Yes, that Xerox – the one that makes you want to say, “Makin’ copies!” Not the one that makes you want to say, “What shall I search for on the Internet today?”
According to documents filed late last week, Xerox says Google is illegally profiting from its “system for automatically generating queries” patent as well as the “method and apparatus for the integration of information and knowledge” – or Web-page updating – and “integration” patent. Yahoo!, meanwhile, is accused of stepping on Xerox’s “query patent” toes.
Could there be more vague descriptions of supposed intellectual property? Of course, that’s half the point. If you win a court case – or heck, even if you settle – you get millions or billions in damages and licensing royalties. (And that’s much of the driver behind the new Coalition for Patent Fairness, a group that wants Congress to change the patent system.)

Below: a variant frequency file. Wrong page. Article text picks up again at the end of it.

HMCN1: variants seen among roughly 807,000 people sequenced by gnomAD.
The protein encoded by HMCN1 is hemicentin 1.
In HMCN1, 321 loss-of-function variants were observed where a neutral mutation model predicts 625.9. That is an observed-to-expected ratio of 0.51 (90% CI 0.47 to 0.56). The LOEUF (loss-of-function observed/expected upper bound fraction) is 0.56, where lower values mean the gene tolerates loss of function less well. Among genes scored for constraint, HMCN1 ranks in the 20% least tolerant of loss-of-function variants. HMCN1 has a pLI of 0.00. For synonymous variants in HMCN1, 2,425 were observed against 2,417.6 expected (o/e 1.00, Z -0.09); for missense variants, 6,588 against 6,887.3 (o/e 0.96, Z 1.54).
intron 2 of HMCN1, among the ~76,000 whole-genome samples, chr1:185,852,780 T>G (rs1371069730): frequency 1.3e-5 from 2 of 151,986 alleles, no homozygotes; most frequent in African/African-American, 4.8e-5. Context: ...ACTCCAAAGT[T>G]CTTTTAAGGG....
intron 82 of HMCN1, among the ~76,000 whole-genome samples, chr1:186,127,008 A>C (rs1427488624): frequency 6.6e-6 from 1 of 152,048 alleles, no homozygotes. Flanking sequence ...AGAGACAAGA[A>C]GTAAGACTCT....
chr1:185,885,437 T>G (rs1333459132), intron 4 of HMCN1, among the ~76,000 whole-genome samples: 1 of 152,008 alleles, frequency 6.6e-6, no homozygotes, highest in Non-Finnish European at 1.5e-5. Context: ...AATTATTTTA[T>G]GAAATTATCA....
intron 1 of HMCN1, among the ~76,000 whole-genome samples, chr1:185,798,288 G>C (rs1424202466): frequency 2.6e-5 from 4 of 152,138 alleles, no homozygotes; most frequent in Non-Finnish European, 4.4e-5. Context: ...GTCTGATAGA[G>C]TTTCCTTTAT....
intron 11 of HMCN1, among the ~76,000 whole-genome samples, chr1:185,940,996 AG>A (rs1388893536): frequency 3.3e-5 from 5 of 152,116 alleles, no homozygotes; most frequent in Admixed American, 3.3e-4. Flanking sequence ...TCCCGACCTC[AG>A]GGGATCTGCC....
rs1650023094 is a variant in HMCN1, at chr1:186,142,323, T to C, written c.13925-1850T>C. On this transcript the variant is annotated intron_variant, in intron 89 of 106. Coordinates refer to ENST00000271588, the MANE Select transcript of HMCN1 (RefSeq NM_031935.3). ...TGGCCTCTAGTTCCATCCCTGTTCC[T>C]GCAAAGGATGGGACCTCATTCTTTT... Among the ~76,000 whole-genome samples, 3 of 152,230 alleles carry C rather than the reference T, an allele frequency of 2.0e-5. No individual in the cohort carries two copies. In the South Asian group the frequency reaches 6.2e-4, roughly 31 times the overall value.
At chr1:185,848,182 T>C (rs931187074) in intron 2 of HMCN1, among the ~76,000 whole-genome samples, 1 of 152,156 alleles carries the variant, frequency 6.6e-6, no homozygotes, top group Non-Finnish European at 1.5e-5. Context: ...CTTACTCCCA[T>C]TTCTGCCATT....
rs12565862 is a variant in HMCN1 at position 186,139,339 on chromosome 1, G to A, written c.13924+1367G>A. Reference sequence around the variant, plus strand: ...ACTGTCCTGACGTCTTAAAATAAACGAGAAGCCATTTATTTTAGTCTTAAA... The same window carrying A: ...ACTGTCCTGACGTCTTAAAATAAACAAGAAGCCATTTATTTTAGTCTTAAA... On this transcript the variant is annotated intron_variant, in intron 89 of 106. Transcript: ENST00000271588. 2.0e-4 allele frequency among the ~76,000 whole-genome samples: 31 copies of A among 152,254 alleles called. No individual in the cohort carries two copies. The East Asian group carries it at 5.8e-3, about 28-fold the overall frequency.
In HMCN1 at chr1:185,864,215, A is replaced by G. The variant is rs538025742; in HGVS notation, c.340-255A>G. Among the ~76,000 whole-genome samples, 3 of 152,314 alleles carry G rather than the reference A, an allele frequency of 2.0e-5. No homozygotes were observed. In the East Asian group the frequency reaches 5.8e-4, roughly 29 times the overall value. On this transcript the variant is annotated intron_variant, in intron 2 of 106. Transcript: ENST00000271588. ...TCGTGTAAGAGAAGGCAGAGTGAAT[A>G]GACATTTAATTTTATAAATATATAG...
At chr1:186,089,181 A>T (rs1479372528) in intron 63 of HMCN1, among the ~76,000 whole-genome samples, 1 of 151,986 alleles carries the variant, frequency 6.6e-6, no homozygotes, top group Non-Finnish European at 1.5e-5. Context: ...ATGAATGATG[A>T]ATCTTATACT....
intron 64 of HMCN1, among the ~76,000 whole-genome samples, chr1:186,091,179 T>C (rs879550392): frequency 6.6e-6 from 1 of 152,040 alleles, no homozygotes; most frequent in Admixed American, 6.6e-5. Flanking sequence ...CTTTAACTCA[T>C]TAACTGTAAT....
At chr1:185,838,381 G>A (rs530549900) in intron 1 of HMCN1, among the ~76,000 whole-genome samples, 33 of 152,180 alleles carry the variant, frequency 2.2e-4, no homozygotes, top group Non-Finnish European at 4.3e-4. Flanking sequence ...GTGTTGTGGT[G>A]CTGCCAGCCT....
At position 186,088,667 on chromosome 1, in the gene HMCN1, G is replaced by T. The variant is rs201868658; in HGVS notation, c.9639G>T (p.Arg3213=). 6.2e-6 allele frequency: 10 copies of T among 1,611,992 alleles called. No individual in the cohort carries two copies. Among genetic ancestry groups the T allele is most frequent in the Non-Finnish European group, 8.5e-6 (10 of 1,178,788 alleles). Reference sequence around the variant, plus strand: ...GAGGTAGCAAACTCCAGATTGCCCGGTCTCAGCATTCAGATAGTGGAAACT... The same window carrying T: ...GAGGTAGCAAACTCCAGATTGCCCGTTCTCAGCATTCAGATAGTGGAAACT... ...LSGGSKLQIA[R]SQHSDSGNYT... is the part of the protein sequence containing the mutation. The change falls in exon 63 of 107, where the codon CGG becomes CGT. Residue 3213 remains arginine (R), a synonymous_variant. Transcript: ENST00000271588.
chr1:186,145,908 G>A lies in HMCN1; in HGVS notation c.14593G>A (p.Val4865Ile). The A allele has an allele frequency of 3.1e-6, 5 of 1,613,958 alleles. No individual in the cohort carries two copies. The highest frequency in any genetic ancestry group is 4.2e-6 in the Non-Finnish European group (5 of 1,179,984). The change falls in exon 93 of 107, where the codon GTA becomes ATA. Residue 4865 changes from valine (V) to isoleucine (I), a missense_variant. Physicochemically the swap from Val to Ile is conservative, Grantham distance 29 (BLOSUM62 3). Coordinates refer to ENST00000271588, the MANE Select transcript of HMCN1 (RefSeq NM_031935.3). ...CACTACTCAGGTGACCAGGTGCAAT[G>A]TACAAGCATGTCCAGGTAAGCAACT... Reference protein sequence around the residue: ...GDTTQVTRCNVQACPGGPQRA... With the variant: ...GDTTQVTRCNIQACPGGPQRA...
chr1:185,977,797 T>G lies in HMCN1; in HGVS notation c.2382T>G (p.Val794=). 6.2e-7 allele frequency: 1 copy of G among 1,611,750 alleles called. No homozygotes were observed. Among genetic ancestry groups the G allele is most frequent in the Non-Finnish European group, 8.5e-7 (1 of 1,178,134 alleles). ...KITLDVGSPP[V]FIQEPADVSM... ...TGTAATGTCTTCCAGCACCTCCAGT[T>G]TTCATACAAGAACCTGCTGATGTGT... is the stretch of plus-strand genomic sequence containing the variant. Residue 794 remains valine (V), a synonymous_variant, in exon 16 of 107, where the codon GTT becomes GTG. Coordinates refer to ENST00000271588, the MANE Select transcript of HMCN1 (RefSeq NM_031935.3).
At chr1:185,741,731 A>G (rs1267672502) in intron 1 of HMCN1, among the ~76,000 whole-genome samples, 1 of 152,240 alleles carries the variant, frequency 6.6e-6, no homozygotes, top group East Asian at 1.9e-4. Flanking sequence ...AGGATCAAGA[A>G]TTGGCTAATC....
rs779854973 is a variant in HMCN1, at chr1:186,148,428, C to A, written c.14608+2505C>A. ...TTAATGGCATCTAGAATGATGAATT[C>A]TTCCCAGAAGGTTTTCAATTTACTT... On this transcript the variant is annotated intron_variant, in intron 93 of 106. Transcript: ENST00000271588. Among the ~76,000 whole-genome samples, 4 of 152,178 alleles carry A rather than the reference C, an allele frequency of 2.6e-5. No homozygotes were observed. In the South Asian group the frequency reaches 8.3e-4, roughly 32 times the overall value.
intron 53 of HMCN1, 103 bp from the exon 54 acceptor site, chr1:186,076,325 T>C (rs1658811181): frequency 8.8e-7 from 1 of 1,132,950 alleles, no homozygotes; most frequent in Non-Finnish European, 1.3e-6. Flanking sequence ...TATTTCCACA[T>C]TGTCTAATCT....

Xerox told InformationWeek it has been “in dialog” (we think they mean “dialogue”) with Google and Yahoo! for a while about licensing the patents but there’s been no resolution in Xerox’s favor.
“We believe we have no option but to file suit to properly protect our intellectual property,” a spokesperson told InformationWeek in an e-mail.
Google denies the claims and Yahoo! has yet to comment.
In Xerox’s (slight) defense, the company has been working hard to diversify its business model – a necessity in an un-paper friendly age. Most recently, the company bought ACS to compete with HP and Dell in the business process outsourcing market – a move that prompted Standard & Poor’s Ratings Services to put Xerox on CreditWatch negative.